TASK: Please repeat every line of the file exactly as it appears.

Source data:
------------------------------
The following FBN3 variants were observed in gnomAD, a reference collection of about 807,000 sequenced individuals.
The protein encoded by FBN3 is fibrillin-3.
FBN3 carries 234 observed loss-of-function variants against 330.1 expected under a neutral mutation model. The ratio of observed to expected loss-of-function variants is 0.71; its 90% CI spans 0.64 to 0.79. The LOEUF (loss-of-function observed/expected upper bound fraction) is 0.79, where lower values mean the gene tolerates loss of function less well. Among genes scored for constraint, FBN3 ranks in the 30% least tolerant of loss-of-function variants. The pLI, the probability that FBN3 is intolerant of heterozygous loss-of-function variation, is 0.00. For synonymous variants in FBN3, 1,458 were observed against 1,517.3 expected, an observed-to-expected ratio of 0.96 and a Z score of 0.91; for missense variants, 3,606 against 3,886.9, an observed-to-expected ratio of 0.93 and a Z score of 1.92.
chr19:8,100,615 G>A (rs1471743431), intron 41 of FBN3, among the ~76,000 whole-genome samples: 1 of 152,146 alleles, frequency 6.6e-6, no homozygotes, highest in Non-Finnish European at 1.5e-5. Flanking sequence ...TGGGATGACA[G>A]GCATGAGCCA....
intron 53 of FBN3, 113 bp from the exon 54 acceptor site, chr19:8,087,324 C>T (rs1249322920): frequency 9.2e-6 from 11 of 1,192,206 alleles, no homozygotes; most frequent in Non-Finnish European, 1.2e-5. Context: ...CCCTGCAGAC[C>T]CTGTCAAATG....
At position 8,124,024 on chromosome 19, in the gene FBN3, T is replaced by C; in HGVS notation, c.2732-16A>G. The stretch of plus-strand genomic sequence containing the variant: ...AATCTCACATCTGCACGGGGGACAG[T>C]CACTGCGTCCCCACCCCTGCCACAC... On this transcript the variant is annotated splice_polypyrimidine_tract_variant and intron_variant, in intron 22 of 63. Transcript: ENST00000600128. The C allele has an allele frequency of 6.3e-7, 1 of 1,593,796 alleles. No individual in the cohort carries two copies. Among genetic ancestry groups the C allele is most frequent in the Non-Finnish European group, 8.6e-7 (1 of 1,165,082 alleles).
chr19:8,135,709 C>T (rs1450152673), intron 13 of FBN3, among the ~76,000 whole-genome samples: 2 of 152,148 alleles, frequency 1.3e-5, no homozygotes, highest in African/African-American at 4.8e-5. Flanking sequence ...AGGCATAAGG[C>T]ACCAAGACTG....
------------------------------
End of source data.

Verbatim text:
The following FBN3 variants were observed in gnomAD, a reference collection of about 807,000 sequenced individuals.
The protein encoded by FBN3 is fibrillin-3.
FBN3 carries 234 observed loss-of-function variants against 330.1 expected under a neutral mutation model. The ratio of observed to expected loss-of-function variants is 0.71; its 90% CI spans 0.64 to 0.79. The LOEUF (loss-of-function observed/expected upper bound fraction) is 0.79, where lower values mean the gene tolerates loss of function less well. Among genes scored for constraint, FBN3 ranks in the 30% least tolerant of loss-of-function variants. The pLI, the probability that FBN3 is intolerant of heterozygous loss-of-function variation, is 0.00. For synonymous variants in FBN3, 1,458 were observed against 1,517.3 expected, an observed-to-expected ratio of 0.96 and a Z score of 0.91; for missense variants, 3,606 against 3,886.9, an observed-to-expected ratio of 0.93 and a Z score of 1.92.
chr19:8,100,615 G>A (rs1471743431), intron 41 of FBN3, among the ~76,000 whole-genome samples: 1 of 152,146 alleles, frequency 6.6e-6, no homozygotes, highest in Non-Finnish European at 1.5e-5. Flanking sequence ...TGGGATGACA[G>A]GCATGAGCCA....
intron 53 of FBN3, 113 bp from the exon 54 acceptor site, chr19:8,087,324 C>T (rs1249322920): frequency 9.2e-6 from 11 of 1,192,206 alleles, no homozygotes; most frequent in Non-Finnish European, 1.2e-5. Context: ...CCCTGCAGAC[C>T]CTGTCAAATG....
At position 8,124,024 on chromosome 19, in the gene FBN3, T is replaced by C; in HGVS notation, c.2732-16A>G. The stretch of plus-strand genomic sequence containing the variant: ...AATCTCACATCTGCACGGGGGACAG[T>C]CACTGCGTCCCCACCCCTGCCACAC... On this transcript the variant is annotated splice_polypyrimidine_tract_variant and intron_variant, in intron 22 of 63. Transcript: ENST00000600128. The C allele has an allele frequency of 6.3e-7, 1 of 1,593,796 alleles. No individual in the cohort carries two copies. Among genetic ancestry groups the C allele is most frequent in the Non-Finnish European group, 8.6e-7 (1 of 1,165,082 alleles).
chr19:8,135,709 C>T (rs1450152673), intron 13 of FBN3, among the ~76,000 whole-genome samples: 2 of 152,148 alleles, frequency 1.3e-5, no homozygotes, highest in African/African-American at 4.8e-5. Flanking sequence ...AGGCATAAGG[C>T]ACCAAGACTG....